Oxalate was shown to enter isolated rat hepatocytes and to inhibit gluconeogenesis from lactate, pyruvate, and alanine, but not from glutamine, proline, propionate or dihydroxyacetone. Oxalate apparently acts by inhibiting pyruvate carboxylase (EC 220.127.116.11). It is known to inhibit the isolated enzyme, and inhibition of gluconeogenesis was much greater in a bicarbonate-deficient medium where pyruvate carboxylase activity limits the overall rate of the pathway. A slight inhibition of gluconeogenesis from asparagine was observed, suggesting that oxalate may also inhibit gluconeogenesis at another site. Chelation of extracellular Ca2+ does not contribute to the inhibition of gluconeogenesis. Compared to oxalate, other Ca2+ chelators have little effect upon gluconeogenesis. Also, oxalate inhibits gluconeogenesis effectively both in low Ca2+ medium and in medium containing 2.6 mM Ca2+. Chelation of intracellular Ca2+ also appears to be of little importance, since oxalate does not block the glycogenolytic effects of epinephrine, vasopressin, and angiotensin which are thought to act via Ca2+ as the second messenger. The inhibition of gluconeogenesis could conceivably contribute to the toxic actions of oxalate and to the hypoglycemic action of dichloroacetate, a compound that is metabolized to oxalate. However, oxalate did not cause hypoglycemia in the suckling rat, a model in vivo system very dependent upon gluconeogenesis for maintenance of normal blood glucose levels. Thus, inhibition of gluconeogenesis is probably of little importance in oxalate toxicity and the hypoglycemic effects of dichloroacetate.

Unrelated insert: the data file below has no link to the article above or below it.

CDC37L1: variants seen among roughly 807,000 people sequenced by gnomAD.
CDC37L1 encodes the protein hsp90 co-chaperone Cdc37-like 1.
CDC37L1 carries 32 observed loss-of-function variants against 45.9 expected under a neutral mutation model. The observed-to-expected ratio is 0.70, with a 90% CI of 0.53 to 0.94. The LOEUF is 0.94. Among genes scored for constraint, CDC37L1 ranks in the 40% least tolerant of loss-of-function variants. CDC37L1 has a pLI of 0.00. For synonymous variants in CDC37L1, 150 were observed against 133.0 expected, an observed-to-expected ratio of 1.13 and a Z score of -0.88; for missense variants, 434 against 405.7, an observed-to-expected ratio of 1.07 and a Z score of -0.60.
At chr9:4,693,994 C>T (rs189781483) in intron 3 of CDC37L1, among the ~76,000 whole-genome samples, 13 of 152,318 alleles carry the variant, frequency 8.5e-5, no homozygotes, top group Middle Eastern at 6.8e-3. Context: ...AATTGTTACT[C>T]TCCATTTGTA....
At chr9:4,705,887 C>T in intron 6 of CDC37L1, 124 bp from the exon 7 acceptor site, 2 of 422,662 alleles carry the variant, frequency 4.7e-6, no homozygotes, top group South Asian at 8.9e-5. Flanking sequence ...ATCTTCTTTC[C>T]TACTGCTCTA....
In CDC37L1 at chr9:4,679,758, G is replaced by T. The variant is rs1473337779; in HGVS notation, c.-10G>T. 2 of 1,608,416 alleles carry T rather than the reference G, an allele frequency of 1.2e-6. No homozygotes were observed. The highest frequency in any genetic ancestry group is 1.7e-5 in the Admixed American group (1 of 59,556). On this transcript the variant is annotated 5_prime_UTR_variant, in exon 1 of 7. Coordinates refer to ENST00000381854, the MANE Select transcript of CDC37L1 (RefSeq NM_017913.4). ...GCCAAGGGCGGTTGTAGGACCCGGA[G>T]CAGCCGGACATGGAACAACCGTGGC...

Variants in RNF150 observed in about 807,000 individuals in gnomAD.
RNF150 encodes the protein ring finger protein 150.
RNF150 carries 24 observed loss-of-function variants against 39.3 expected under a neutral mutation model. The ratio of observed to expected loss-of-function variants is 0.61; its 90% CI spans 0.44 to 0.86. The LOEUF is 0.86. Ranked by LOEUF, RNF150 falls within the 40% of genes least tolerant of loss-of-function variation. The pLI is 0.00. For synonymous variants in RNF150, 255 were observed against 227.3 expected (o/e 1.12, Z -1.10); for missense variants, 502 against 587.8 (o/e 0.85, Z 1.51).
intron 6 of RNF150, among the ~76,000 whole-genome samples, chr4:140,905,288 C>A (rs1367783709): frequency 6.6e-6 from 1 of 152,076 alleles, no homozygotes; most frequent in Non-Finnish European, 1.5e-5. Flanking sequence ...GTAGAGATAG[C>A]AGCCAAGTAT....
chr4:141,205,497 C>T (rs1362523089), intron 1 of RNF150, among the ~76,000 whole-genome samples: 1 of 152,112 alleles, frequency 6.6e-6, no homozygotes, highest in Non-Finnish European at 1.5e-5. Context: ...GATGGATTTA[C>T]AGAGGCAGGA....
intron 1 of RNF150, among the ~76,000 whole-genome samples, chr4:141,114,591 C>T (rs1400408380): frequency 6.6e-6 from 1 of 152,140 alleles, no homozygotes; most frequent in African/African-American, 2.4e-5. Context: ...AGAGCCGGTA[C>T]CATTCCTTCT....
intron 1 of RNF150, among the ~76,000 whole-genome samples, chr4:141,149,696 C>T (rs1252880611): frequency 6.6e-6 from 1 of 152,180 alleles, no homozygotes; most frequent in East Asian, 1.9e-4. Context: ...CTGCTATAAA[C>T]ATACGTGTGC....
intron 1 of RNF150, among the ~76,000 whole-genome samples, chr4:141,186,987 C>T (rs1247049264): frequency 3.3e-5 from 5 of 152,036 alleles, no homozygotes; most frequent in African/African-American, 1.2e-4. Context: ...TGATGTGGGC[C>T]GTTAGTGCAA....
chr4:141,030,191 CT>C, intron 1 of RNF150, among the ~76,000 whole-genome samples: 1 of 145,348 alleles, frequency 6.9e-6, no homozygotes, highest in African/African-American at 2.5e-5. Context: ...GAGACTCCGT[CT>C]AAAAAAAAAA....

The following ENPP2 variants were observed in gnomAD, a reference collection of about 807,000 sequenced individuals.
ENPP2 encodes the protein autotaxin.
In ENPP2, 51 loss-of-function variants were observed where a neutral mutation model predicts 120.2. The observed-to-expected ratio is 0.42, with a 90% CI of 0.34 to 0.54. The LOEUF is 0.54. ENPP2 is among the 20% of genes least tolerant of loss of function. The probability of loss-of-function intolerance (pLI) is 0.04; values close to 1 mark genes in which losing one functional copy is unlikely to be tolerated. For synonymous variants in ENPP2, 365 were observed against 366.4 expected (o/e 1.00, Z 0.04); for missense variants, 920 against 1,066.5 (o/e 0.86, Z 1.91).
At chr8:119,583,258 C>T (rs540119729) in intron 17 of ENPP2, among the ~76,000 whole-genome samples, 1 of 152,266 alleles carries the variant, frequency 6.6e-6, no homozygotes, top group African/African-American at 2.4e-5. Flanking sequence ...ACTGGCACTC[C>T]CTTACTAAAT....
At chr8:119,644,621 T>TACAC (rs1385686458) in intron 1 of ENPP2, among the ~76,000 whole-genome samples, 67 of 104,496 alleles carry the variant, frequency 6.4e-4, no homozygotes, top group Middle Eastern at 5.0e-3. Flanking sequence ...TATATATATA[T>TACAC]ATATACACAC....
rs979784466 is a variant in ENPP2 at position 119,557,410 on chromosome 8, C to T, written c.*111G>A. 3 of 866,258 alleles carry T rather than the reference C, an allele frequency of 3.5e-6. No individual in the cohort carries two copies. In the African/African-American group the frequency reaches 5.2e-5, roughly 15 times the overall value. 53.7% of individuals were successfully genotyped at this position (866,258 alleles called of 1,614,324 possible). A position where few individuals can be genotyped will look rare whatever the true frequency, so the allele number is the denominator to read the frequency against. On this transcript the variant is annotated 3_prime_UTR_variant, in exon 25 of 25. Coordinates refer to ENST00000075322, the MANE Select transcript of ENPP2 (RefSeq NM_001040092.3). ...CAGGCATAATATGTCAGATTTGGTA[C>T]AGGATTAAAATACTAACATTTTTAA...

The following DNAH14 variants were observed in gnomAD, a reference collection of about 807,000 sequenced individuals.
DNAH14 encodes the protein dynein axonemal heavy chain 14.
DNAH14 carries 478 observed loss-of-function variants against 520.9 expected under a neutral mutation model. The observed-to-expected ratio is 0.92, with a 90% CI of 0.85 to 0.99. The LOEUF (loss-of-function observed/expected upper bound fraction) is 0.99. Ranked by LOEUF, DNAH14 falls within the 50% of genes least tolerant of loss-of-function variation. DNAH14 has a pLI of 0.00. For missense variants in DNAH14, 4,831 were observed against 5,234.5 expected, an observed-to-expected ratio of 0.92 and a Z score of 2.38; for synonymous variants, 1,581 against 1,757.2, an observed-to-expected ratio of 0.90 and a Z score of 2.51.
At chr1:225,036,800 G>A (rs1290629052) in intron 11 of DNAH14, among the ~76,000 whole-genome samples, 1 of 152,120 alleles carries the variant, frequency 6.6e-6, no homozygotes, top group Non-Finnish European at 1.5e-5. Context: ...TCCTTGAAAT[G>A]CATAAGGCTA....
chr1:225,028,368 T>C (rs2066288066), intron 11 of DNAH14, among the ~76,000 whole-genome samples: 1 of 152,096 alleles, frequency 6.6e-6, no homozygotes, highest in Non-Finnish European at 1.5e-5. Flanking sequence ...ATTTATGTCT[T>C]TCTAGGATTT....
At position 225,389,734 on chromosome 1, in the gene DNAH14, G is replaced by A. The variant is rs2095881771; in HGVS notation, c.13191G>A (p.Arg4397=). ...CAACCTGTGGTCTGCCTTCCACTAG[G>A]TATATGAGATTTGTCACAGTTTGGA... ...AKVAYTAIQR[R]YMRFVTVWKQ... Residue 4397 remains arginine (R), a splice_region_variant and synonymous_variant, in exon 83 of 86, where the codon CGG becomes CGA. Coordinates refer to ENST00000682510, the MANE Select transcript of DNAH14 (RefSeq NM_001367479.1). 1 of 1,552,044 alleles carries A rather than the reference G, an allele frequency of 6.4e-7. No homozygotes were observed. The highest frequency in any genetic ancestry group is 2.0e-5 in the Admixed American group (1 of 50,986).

- Gluconeogenesis inhibition
- Rat hepatocyte
- ethyleneglycol-bis-(β-aminoethyl ether)-N,N′-tetraacetic acid
ASJC Scopus subject areas
- Molecular Biology